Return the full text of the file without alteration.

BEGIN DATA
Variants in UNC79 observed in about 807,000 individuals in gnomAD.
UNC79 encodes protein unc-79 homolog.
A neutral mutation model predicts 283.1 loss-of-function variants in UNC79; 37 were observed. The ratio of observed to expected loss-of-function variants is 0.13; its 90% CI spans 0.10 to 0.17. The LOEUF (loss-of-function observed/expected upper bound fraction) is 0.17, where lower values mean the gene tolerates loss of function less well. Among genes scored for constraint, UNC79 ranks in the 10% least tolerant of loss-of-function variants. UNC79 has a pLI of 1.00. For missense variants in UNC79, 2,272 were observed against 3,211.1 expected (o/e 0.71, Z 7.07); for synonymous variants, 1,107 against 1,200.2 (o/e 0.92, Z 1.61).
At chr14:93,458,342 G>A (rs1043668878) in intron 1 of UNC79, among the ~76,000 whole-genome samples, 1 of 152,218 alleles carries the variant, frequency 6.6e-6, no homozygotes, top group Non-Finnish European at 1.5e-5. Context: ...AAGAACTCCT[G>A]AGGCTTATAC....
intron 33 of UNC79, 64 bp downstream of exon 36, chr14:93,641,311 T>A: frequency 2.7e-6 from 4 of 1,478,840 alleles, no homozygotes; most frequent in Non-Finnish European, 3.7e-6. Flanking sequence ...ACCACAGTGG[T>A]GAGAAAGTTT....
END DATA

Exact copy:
Variants in UNC79 observed in about 807,000 individuals in gnomAD.
UNC79 encodes protein unc-79 homolog.
A neutral mutation model predicts 283.1 loss-of-function variants in UNC79; 37 were observed. The ratio of observed to expected loss-of-function variants is 0.13; its 90% CI spans 0.10 to 0.17. The LOEUF (loss-of-function observed/expected upper bound fraction) is 0.17, where lower values mean the gene tolerates loss of function less well. Among genes scored for constraint, UNC79 ranks in the 10% least tolerant of loss-of-function variants. UNC79 has a pLI of 1.00. For missense variants in UNC79, 2,272 were observed against 3,211.1 expected (o/e 0.71, Z 7.07); for synonymous variants, 1,107 against 1,200.2 (o/e 0.92, Z 1.61).
At chr14:93,458,342 G>A (rs1043668878) in intron 1 of UNC79, among the ~76,000 whole-genome samples, 1 of 152,218 alleles carries the variant, frequency 6.6e-6, no homozygotes, top group Non-Finnish European at 1.5e-5. Context: ...AAGAACTCCT[G>A]AGGCTTATAC....
intron 33 of UNC79, 64 bp downstream of exon 36, chr14:93,641,311 T>A: frequency 2.7e-6 from 4 of 1,478,840 alleles, no homozygotes; most frequent in Non-Finnish European, 3.7e-6. Flanking sequence ...ACCACAGTGG[T>A]GAGAAAGTTT....